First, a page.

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Extent of Cassel's injury remains unknown as Chiefs stay quiet

KANSAS CITY, Mo. -- Brodie Croyle kept getting hurt and Tyler Thigpen seemed ill-suited for an NFL offense, so the Kansas City Chiefs traded for Matt Cassel and gave him a guaranteed $28 million contract before the first snap.

Now Cassel is hurt, Croyle is healthy and Thigpen is probably still ill-suited. But either he or Croyle could start against the tough defense of the Baltimore Ravens on Sept. 13 in the season opener.

Cassel injured his knee in Saturday night's preseason loss to Seattle and the Chiefs may be down to Croyle and Thigpen, who between them are 1-18 as NFL starters.

The decision will be up to head coach Todd Haley, who stirred his team's murky waters even further on Monday by firing Chan Gailey as offensive coordinator and assuming the role himself, just 13 days before opening his first season as a head coach.

"It's almost unheard of that you have something like that happen right now," Thigpen said. "We've got to take responsibility."

Haley refused to breathe a word about the status of Cassel or any of his other injured starters.

The players indicated they had no inkling how long Cassel might be gone.

"It's unfortunate for Matt," Croyle said. "Who knows the timetable when he'll be back? If it comes time to go, I'll just have to be ready."

The fourth preseason game, usually little more than a final tryout for players trying to make the roster, could be critical for the Kansas City quarterbacks. Whoever shows well against the Rams on Thursday night could find himself calling plays in Baltimore.

"We've got to have our ducks in a row, no doubt," Haley said. "They're going to kick off in 12 days, or 13 days. We've got to have everything lined up and be ready for anything."

Whoever starts and whoever calls plays is likely to have a tough time until the Chiefs get their offensive line straightened out. In just 19 pass plays in the first three preseason games, Cassel was sacked four times, including the play when he got hurt.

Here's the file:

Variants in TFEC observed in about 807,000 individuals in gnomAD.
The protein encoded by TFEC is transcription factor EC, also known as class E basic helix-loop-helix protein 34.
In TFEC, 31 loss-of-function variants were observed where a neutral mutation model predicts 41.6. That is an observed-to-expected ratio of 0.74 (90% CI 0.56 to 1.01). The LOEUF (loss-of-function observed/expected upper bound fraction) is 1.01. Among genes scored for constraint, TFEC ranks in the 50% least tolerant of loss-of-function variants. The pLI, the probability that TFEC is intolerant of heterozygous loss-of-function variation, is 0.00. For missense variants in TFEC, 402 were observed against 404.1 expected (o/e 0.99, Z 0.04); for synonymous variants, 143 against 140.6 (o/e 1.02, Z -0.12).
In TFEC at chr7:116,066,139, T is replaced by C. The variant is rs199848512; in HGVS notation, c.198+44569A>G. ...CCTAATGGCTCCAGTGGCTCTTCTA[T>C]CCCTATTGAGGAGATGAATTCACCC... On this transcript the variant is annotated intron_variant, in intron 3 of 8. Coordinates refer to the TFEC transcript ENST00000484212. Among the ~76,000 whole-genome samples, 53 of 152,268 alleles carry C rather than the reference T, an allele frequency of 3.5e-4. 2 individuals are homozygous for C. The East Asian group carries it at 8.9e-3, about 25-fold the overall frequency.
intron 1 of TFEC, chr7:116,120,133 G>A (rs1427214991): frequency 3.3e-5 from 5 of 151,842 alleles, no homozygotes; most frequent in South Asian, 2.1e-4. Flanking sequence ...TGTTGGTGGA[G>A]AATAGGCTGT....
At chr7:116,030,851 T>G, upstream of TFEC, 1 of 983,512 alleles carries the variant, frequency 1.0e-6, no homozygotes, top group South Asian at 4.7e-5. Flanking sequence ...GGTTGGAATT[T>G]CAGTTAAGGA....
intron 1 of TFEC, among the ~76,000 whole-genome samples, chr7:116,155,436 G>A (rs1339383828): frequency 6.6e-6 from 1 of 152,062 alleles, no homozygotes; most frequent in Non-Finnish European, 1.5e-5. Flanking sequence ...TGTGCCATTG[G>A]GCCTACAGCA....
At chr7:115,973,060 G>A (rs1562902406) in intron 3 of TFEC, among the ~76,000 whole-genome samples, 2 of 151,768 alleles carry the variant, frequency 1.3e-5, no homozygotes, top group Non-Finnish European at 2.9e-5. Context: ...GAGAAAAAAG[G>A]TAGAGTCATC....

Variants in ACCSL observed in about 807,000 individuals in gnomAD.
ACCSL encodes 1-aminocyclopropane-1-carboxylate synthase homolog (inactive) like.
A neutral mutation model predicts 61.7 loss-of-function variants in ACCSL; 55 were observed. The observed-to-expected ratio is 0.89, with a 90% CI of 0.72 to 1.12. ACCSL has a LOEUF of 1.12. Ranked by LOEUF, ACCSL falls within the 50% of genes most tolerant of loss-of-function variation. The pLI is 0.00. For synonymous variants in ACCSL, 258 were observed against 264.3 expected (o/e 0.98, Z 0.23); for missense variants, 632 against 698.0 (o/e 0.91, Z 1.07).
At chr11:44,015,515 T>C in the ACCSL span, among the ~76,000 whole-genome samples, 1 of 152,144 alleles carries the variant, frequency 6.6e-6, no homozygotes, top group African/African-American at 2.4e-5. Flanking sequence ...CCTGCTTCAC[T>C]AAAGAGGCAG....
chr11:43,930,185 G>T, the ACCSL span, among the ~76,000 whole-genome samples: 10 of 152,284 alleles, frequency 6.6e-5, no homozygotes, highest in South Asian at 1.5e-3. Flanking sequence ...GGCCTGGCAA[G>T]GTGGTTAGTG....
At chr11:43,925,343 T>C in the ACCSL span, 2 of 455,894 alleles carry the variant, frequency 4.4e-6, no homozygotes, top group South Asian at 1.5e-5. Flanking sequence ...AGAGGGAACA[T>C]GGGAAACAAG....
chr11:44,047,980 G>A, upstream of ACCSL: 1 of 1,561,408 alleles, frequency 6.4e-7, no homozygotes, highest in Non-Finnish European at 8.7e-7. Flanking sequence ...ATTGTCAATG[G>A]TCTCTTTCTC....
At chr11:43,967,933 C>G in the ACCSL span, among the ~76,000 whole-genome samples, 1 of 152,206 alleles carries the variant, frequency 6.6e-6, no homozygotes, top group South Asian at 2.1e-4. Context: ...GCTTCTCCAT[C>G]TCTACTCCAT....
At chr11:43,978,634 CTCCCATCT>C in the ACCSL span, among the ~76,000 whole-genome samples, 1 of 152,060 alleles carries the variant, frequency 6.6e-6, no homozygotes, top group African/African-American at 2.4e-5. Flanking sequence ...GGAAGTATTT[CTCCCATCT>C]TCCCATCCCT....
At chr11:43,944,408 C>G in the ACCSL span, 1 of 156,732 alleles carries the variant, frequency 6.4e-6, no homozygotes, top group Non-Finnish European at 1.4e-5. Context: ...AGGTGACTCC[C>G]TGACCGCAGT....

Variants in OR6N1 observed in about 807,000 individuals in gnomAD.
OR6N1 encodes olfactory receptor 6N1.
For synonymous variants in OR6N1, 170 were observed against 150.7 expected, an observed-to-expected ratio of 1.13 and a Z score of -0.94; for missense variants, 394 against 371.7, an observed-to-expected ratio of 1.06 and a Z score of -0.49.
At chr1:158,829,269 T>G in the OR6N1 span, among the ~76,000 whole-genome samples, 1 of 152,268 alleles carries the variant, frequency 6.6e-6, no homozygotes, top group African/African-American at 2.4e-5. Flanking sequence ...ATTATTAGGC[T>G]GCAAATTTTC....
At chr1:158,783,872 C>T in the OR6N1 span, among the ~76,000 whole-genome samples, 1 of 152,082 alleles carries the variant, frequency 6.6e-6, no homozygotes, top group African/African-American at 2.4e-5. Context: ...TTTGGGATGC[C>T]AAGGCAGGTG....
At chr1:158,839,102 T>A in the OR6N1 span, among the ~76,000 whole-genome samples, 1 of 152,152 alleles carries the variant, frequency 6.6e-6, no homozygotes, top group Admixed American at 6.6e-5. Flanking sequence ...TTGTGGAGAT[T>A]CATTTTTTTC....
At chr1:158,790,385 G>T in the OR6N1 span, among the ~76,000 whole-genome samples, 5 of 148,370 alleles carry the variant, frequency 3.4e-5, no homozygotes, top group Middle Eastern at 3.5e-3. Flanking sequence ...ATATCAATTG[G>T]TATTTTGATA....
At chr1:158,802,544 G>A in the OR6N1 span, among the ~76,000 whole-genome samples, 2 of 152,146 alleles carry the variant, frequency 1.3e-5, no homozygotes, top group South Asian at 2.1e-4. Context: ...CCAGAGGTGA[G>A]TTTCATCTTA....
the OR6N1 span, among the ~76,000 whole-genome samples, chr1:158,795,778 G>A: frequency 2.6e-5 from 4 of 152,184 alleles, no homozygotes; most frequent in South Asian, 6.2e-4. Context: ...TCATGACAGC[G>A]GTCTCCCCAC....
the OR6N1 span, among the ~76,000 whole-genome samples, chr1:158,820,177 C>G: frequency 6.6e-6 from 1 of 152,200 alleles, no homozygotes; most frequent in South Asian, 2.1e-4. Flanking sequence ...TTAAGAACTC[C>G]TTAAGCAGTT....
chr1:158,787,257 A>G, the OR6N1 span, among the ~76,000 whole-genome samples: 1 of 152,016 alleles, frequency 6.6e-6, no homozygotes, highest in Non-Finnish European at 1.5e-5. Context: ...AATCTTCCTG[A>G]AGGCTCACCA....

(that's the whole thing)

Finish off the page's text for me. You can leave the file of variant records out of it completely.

"Until we get on the field and we're winning games and doing the things we need to do detail-wise, it doesn't matter who calls the plays," running back Larry Johnson said. "We've got to go out and execute and do the things we need to do right."

This time a year ago, Croyle was designated as the foundation quarterback for Herm Edwards' rebuilding program. But Croyle missed almost the entire season with knee surgery and, when backup Damon Huard was also shelved with an injury, the job fell to Thigpen.

Croyle would certainly welcome the opportunity to win the starting job after spending several months getting over the surgery.

"You've got to be ready for it. This is what I've rehabbed for," he said. "This is what I've tried to get back for."

So far in preseason duty, Croyle has looked the best. In a dismal loss to the Seahawks on Saturday night with Thigpen playing most of the way, the Chiefs were 1 for 10 on third down.

"When you're (1 for 10) on third down, you're not getting it done at quarterback," Haley said. "There's just no way. Even if there are breakdowns at other places, the quarterback, it's his responsibility to move the chains. At (1 for 10), there really wasn't much good happening."

Thigpen, a former seventh-round draft choice, started 11 games last year and caused the Chiefs to switch their offense to a spread formation because he had trouble lining up and executing under center. This time last week, Thigpen was also the subject of trade rumors.

"That's the way this business works," said Thigpen, who took most of the snaps with the first team in practice on Monday. "You've got to be ready."

Johnson winces at memories of last year's 2-14 campaign.

"It was tough. We went through three different quarterbacks, then we had to change almost the whole offense to fit one quarterback's strengths. (Gailey) did well for what he was working with. It's not like we were out there with 11 Pro Bowlers."

Copyright 2009 by The Associated Press

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